Saturday, January 7, 2012
I understand that confusion is a rather normal symptom at the end of life. However, I usually find this attributed to the patient more than the caregiver. Dave has shown bits of confusion, but I am beginning to think I have more than him!
I am confused. I am confused about Dave’s state of health. I confused about how to take care of my own self, even in knowing what I should do. I am confused by how grief is so distracting. I am conflicted about all the in-betweens.
Dave changes from day to day. One moment I am seeing and helping a very ill man. Then next thing I’ll know I feel like we will be here in this state of being for a long time to come. He is coherent, thinking, reading the paper, even working on the crossword puzzle. Granted, I haven’t seen a finished puzzle in months but the fact that he wants to engage his mind in this activity is amazing. So the ups and downs of daily health are very confusing. It’s like I just don’t know how I’m supposed to feel. Hmm. I feel like Charlie Brown with Lucy pulling the football out from under me. I set my thoughts on either grief or settling into getting comfortable with how it is at the moment –it doesn’t matter which in some ways– only to have my emotions changed to the other state. Up and down. Trust and hope. The ball jerked out from under me. I fall for it every time. Sometimes the coherent Dave and weak Dave occur within the same day; other times it may be over a few days. There is no rhyme, nor rhythm, perhaps not even reason to how he will be operating in our world today. (Are there two worlds now that he straddles?)
I am frustrated that I have lost my personal independence in the caregiver role. Until last month I could pretty much run errands or head out for a couple of hours at most any time of the day. First, it was a matter of not leaving him in the evening. That hasn’t been a big problem as I don’t go too many places at night, and there are lots of people who can be here at that time. It was in November that I had a speaking engagement and I realized Dave wanted company during that time.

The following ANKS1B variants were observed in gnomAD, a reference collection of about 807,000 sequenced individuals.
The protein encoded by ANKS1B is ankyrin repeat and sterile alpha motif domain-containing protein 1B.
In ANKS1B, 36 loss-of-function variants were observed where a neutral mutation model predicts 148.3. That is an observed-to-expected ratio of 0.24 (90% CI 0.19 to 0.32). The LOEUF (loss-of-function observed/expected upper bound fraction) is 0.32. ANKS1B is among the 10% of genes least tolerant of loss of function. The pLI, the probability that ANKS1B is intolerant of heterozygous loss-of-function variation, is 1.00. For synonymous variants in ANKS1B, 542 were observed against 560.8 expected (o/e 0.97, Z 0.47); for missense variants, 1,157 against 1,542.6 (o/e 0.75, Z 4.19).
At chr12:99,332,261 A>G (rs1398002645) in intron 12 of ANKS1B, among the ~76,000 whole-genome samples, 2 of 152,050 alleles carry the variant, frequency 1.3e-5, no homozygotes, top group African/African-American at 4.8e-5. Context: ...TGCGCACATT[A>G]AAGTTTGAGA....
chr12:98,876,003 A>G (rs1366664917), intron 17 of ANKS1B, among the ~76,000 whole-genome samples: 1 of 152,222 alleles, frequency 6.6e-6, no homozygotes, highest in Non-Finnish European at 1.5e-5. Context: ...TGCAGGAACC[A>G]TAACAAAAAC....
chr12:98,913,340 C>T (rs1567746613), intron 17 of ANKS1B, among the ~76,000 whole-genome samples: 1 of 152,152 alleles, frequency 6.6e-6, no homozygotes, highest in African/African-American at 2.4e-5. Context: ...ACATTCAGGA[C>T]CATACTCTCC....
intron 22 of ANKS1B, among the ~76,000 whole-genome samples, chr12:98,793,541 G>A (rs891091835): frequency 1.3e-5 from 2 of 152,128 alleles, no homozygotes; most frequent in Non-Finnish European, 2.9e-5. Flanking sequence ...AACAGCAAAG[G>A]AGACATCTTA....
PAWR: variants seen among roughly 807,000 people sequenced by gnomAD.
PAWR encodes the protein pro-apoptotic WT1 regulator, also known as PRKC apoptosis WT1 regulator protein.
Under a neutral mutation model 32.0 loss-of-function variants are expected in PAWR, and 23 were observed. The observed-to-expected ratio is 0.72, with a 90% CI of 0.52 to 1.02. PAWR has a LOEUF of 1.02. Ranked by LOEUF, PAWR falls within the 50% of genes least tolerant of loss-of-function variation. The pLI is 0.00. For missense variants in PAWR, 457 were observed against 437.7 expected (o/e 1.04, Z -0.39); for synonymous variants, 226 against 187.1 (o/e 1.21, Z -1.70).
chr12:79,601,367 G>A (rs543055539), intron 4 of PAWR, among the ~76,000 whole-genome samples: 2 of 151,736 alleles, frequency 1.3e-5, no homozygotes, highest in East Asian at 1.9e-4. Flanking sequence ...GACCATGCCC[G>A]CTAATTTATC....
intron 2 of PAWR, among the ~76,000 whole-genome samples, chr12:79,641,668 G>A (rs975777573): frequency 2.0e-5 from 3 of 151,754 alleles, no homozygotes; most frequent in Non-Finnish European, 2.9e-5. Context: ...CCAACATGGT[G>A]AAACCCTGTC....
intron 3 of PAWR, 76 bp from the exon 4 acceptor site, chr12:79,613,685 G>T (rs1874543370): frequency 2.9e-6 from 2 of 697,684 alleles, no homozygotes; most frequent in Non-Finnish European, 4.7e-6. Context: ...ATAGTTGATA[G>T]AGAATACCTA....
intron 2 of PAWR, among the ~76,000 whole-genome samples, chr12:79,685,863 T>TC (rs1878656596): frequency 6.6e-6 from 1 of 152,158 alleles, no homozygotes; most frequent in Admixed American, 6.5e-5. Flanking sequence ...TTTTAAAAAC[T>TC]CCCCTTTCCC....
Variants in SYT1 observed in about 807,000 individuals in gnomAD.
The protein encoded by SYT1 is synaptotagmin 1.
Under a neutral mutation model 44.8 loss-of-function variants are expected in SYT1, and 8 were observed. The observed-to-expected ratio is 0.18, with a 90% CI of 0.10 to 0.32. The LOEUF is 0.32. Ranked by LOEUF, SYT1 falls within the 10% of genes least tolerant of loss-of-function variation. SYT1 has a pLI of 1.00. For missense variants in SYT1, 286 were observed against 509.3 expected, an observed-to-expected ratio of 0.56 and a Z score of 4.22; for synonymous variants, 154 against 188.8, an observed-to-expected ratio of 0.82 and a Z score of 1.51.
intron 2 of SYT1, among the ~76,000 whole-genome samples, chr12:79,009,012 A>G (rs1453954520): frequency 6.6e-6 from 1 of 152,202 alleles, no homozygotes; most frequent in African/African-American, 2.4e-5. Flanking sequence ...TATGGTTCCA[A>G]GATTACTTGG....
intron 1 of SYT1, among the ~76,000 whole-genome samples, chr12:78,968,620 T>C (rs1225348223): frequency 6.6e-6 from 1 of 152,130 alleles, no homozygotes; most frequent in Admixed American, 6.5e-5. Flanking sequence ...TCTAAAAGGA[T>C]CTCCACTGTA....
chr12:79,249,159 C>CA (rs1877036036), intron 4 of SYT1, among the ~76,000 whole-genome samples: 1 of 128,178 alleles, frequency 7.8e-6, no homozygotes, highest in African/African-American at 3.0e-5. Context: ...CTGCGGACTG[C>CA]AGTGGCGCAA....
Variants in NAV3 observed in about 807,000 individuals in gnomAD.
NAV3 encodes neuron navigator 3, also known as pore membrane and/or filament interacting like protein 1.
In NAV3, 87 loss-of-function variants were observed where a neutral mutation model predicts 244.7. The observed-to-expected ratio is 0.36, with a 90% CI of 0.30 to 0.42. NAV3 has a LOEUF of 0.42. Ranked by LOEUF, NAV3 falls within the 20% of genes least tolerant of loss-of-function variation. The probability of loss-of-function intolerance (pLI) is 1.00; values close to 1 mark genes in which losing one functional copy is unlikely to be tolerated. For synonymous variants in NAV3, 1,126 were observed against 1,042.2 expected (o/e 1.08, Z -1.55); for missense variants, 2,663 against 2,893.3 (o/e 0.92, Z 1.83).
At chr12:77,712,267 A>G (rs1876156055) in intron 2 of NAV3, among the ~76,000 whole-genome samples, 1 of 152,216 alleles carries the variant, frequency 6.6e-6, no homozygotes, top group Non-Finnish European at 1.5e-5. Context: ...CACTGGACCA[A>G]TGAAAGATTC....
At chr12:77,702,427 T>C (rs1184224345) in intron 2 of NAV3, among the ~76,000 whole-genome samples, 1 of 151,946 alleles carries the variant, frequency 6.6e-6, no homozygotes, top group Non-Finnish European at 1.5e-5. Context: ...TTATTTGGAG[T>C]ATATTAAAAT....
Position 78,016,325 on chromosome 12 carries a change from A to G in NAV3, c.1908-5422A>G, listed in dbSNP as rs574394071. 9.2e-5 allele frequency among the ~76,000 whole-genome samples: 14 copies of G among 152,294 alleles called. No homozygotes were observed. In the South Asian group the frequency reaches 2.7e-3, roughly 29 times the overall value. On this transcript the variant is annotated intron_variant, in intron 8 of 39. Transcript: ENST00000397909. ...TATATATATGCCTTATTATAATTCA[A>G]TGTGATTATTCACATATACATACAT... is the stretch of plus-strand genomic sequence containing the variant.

Next it was my anxiety over being gone much longer than 1.5 hours. Was it me or him who needed the reassurance? Maybe both. I would only go out during his known sleeping time. Then I started asking if he wanted company. As the answer became “yes” more often I noted that he is the one in need. Now I find myself suggesting I go out and he doesn’t offer the “I’ll be OK for a while” that I want to hear. We do need someone here now. That began in early December. That’s my job to make the schedule work.
Now, I have to acknowledge and resign myself that I must call on someone to help me take care of Dave. It confuses my sense of independence. Why is it so hard? For one, I don’t have any spontaneity. As a coping mechanism until recently I could go shop, for groceries, office supplies, or leave on a whim of an idea. It didn’t matter. I just ran out for a while. I could find a change of pace and scenery anytime. I might go work out with a friend, or look forward to my Sunday walk for an hour. There was my weekly strength exercise. I was getting used to small grocery runs for convenient, perishable foods that I like, especially since Dave doesn’t eat what I do now. Or, I could grab a fast food run at dinner time when I had a craving or didn’t want to cook. Even the quick runs are gone now. No changing my mind about what to eat. My habits had included at least three days a week for my combined social / health time, plus some shopping, grocery, self-care and household errands randomly attended.